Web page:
Is parental informed consent required before minors are provided pregnancy, prenatal and delivery care?

Vermont law is silent as to whether pregnant, unemancipated minors can give informed consent to reproductive services. Because cases involving other reproductive services, such as abortion and contraception, have allowed minors considerable freedom, health care providers should evaluate whether the minor’s informed consent is sufficient using the criteria outlined above.

Are there any situations where providers need not obtain informed consent from anyone before providing the minor with health care?

Yes.  When dealing with an emergency – a situation in which immediate treatment is needed to save the patient’s life or health – where, for some reason, informed consent cannot be obtained, treatment may be provided without obtaining informed consent. Of course, it is good practice to try and obtain informed consent as soon as possible even in an emergency situation. [12 V.S.A. § 1909(b)]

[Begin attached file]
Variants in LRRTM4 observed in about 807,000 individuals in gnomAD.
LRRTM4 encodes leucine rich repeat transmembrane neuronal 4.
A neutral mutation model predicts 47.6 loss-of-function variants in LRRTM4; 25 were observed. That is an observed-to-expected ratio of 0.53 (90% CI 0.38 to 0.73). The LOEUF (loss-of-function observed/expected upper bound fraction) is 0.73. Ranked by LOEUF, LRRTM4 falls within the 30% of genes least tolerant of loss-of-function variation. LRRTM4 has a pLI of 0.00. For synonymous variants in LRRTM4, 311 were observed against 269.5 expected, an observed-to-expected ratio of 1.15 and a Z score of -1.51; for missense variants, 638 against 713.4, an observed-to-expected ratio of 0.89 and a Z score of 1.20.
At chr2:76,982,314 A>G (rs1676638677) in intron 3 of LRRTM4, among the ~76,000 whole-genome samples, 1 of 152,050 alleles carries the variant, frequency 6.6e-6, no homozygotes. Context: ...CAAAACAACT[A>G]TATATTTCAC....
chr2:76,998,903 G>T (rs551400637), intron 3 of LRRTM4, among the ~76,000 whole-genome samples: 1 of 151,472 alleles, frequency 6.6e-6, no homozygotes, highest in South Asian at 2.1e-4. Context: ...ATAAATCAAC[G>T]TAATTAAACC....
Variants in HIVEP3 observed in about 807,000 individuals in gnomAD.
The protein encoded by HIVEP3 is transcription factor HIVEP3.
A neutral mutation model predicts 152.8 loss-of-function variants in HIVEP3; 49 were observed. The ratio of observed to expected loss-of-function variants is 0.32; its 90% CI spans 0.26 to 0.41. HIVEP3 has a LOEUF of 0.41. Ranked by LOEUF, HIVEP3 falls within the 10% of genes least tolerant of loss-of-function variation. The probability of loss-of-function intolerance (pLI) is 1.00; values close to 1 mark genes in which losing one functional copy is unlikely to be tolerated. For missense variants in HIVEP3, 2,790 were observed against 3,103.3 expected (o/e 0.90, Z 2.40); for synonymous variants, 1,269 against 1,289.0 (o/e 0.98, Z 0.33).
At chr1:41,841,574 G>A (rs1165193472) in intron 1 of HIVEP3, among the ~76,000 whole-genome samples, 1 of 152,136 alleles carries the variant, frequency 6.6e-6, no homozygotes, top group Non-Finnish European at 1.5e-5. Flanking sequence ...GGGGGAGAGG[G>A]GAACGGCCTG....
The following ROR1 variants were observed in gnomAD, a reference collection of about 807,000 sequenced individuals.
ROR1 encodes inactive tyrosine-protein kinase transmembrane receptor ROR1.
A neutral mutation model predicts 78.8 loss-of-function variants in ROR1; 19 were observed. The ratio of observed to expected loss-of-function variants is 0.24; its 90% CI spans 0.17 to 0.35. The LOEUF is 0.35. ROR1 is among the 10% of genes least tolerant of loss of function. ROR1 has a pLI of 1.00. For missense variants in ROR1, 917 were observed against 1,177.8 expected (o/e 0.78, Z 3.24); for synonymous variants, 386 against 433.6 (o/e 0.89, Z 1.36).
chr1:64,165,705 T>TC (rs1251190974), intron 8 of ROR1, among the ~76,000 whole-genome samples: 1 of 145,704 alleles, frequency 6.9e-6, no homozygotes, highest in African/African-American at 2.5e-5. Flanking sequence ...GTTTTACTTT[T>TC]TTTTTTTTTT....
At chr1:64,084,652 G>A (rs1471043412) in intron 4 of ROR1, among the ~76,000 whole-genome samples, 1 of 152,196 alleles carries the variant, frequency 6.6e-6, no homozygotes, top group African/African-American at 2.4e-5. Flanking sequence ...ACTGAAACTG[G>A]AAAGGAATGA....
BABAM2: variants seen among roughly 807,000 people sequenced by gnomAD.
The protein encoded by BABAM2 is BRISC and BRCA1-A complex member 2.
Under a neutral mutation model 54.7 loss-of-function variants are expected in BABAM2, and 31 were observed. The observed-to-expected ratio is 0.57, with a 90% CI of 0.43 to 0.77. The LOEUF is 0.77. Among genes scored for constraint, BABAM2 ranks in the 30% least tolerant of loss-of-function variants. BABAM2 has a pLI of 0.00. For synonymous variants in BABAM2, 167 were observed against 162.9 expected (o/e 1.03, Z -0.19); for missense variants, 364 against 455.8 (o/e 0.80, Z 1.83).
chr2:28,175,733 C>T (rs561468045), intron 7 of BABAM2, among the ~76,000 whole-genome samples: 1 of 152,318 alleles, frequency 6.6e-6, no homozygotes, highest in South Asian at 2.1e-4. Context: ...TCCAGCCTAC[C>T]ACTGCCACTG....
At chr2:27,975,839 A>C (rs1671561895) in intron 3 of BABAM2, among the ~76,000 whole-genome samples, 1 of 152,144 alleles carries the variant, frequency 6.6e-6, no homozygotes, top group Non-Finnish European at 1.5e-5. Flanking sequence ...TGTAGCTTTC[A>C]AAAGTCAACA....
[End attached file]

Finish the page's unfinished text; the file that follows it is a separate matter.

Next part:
If adolescents drive themselves to their appointments, should providers obtain parental informed consent before treating the minor?

In those situations, again, the health care professional is expected to exercise sound judgment as to whether the parent must be contacted. If the office has a written consent on file that has been signed by the parent authorizing the physician and his/her staff to provide medical care to the child, there is little or no risk in providing the child with routine medical care. In situations where the treatment is non-routine or poses some degree of risk to the child, it is always advisable to consult with the parent before proceeding.

In situations where it is not required to obtain the parent or guardian’s informed consent (e.g., treatment for venereal disease or substance abuse), is the parent or guardian responsible for the costs of this medical care?

Yes. Generally, parents or guardians are responsible for support of their unemancipated minors if the treatment is medically necessary. 

In situations where it is not required to obtain the parent or guardian’s informed consent, may the physician inform the minor’s parents of the medical treatment?